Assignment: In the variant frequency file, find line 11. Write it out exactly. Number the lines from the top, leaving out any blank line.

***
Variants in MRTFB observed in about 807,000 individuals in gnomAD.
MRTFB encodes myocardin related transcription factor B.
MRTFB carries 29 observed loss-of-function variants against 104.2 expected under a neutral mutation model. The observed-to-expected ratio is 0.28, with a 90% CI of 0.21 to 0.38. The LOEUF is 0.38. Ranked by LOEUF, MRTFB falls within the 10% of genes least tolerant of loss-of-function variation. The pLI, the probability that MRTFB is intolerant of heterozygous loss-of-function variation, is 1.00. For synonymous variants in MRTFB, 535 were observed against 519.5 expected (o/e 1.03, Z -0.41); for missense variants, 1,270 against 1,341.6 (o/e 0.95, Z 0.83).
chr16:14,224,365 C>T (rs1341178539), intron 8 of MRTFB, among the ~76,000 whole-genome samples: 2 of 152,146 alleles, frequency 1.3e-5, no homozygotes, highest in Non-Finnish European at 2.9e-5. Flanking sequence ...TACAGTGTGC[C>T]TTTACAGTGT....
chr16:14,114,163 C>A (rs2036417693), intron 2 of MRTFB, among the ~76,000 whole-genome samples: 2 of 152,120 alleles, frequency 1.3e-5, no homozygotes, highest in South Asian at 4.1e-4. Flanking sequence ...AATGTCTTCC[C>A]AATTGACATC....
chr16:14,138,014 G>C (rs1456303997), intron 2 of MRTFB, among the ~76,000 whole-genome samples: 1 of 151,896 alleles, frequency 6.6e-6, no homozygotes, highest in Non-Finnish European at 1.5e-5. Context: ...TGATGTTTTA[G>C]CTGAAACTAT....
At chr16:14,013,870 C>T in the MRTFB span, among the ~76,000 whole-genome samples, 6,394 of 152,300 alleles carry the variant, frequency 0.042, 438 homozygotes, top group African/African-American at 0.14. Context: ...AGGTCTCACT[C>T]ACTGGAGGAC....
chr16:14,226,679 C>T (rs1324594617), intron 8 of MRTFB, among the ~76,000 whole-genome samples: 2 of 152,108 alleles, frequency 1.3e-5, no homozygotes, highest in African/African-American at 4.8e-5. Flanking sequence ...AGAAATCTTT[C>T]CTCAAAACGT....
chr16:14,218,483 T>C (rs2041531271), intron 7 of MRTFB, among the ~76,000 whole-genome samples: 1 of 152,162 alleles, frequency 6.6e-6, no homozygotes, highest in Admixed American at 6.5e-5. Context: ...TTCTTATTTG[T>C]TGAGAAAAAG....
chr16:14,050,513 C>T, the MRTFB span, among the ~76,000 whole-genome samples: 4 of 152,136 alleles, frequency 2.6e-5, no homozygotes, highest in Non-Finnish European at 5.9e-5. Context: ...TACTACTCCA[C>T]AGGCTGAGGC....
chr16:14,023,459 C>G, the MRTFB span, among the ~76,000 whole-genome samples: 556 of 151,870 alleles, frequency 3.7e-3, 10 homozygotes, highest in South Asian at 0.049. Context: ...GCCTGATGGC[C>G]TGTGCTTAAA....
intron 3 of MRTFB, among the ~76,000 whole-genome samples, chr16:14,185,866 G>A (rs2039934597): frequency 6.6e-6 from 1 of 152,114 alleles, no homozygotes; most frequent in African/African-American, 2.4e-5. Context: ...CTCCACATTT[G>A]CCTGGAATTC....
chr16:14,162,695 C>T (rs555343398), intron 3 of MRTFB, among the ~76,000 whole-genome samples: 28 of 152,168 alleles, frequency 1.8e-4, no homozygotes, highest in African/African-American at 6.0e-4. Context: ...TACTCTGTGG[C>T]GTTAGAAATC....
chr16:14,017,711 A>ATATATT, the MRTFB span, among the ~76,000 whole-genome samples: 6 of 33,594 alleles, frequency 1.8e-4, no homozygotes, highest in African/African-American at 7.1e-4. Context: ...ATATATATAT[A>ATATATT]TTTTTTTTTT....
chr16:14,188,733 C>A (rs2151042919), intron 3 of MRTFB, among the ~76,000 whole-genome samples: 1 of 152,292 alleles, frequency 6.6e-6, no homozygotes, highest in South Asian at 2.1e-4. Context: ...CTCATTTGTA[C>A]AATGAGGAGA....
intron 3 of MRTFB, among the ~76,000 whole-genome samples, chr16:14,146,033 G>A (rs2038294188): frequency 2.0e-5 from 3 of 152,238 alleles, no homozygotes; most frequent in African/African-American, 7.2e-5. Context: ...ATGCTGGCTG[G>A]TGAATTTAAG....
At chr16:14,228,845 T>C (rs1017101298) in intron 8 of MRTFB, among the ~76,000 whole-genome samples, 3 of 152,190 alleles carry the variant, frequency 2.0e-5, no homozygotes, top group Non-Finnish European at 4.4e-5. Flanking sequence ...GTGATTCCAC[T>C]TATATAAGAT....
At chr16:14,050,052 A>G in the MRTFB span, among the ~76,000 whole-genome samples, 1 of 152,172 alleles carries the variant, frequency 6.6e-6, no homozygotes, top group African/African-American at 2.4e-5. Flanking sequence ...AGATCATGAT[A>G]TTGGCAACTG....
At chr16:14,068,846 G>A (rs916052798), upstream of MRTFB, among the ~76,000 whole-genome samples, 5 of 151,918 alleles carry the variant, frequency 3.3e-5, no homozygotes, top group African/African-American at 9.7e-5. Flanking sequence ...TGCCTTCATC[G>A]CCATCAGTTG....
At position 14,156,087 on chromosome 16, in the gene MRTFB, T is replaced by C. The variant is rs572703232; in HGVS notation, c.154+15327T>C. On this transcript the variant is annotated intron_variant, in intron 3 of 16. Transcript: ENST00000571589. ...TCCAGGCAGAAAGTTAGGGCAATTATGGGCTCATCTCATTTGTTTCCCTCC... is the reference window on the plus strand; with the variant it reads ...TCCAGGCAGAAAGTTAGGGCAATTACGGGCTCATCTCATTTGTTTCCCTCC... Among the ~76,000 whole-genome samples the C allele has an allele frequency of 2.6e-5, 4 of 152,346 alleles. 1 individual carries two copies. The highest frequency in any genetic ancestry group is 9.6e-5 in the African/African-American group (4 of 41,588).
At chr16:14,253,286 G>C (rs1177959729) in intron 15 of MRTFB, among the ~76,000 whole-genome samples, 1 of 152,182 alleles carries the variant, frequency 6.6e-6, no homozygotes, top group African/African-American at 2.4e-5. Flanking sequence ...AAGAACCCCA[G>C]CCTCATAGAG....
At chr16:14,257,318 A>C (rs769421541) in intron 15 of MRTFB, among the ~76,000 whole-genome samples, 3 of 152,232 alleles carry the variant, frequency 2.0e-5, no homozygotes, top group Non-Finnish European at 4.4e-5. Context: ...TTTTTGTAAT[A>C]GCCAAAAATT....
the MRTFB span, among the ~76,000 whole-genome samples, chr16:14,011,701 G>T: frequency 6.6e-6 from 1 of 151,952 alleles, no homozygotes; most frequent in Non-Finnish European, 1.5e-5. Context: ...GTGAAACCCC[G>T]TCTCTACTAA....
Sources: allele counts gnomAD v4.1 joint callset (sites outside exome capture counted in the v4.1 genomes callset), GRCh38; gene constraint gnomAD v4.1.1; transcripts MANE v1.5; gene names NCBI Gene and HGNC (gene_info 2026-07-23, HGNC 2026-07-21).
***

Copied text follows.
chr16:14,023,459 C>G, the MRTFB span, among the ~76,000 whole-genome samples: 556 of 151,870 alleles, frequency 3.7e-3, 10 homozygotes, highest in South Asian at 0.049. Context: ...GCCTGATGGC[C>G]TGTGCTTAAA....